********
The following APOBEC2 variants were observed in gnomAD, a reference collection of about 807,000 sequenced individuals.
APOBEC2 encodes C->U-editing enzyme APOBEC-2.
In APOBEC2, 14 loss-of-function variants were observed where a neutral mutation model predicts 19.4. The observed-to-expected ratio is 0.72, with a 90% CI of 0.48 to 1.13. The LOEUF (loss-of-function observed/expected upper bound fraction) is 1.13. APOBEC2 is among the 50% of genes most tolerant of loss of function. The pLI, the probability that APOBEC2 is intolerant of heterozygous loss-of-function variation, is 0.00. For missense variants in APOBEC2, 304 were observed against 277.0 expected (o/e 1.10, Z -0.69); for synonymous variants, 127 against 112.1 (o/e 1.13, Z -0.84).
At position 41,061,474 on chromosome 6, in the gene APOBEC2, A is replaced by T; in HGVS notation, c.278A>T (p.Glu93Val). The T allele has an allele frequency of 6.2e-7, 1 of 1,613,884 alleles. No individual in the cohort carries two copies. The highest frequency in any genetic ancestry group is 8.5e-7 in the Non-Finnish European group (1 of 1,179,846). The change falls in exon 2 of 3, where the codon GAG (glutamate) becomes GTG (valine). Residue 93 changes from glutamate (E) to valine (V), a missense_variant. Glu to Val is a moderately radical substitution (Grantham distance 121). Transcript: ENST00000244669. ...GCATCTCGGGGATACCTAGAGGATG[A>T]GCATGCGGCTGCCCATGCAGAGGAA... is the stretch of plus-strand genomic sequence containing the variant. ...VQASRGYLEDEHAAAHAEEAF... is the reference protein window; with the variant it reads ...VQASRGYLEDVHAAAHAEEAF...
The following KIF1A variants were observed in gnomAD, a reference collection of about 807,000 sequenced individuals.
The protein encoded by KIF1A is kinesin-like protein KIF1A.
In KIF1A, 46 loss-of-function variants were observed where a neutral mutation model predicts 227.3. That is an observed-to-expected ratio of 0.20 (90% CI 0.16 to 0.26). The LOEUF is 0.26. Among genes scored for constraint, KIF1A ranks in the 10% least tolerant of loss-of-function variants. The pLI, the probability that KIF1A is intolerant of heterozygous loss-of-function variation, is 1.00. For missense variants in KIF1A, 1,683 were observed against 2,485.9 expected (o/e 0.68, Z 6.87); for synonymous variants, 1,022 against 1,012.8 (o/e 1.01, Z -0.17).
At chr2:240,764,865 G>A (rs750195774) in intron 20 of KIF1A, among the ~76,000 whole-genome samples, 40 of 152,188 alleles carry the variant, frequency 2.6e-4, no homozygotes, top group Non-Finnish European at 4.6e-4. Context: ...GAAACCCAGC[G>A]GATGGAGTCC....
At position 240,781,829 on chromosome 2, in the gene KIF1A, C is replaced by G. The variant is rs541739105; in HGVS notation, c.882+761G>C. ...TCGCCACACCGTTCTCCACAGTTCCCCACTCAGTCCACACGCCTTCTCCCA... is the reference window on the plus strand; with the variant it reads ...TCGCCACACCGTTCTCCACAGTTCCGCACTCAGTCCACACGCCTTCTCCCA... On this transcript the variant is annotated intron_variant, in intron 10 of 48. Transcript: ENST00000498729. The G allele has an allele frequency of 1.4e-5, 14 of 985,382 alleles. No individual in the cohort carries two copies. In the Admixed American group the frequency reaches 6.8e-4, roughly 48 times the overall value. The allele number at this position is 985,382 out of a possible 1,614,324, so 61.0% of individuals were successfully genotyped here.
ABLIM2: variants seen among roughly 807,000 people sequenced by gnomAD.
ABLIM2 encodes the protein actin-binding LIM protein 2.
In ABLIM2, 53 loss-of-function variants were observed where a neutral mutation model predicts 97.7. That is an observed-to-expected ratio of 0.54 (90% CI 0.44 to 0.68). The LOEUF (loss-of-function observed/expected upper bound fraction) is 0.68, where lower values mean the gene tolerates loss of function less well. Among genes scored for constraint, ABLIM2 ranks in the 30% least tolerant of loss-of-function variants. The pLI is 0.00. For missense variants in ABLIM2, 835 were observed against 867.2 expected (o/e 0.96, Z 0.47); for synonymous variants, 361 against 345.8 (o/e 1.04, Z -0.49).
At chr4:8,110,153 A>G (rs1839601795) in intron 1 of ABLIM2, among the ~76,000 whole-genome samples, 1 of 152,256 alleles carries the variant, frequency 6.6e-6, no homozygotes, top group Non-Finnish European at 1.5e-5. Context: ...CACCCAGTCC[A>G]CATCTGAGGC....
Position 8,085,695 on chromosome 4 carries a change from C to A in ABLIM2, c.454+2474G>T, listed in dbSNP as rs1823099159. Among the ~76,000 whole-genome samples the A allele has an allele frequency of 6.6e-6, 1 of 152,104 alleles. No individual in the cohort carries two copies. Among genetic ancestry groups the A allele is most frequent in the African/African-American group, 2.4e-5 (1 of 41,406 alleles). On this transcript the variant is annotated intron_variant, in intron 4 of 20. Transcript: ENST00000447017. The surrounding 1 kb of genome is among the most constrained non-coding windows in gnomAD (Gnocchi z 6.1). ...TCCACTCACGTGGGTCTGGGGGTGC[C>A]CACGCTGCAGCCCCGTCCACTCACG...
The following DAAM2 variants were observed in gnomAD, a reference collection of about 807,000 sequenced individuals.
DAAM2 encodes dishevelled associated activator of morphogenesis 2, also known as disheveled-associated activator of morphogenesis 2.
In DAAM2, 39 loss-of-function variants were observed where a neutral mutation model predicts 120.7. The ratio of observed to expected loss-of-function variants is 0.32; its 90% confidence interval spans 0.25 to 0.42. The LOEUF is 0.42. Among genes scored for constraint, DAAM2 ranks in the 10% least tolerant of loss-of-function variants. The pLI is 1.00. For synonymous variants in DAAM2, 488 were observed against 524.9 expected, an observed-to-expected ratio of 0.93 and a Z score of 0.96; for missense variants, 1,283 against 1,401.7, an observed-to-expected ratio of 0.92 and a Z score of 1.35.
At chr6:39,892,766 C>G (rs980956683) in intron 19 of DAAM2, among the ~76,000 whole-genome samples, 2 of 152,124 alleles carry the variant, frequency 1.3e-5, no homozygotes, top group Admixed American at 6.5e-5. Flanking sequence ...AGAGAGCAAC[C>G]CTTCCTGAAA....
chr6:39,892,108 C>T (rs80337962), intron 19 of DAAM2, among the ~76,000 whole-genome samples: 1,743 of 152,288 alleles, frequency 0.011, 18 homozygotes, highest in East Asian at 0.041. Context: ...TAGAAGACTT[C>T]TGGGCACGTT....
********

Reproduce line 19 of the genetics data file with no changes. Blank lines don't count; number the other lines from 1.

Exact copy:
chr6:39,892,108 C>T (rs80337962), intron 19 of DAAM2, among the ~76,000 whole-genome samples: 1,743 of 152,288 alleles, frequency 0.011, 18 homozygotes, highest in East Asian at 0.041. Context: ...TAGAAGACTT[C>T]TGGGCACGTT....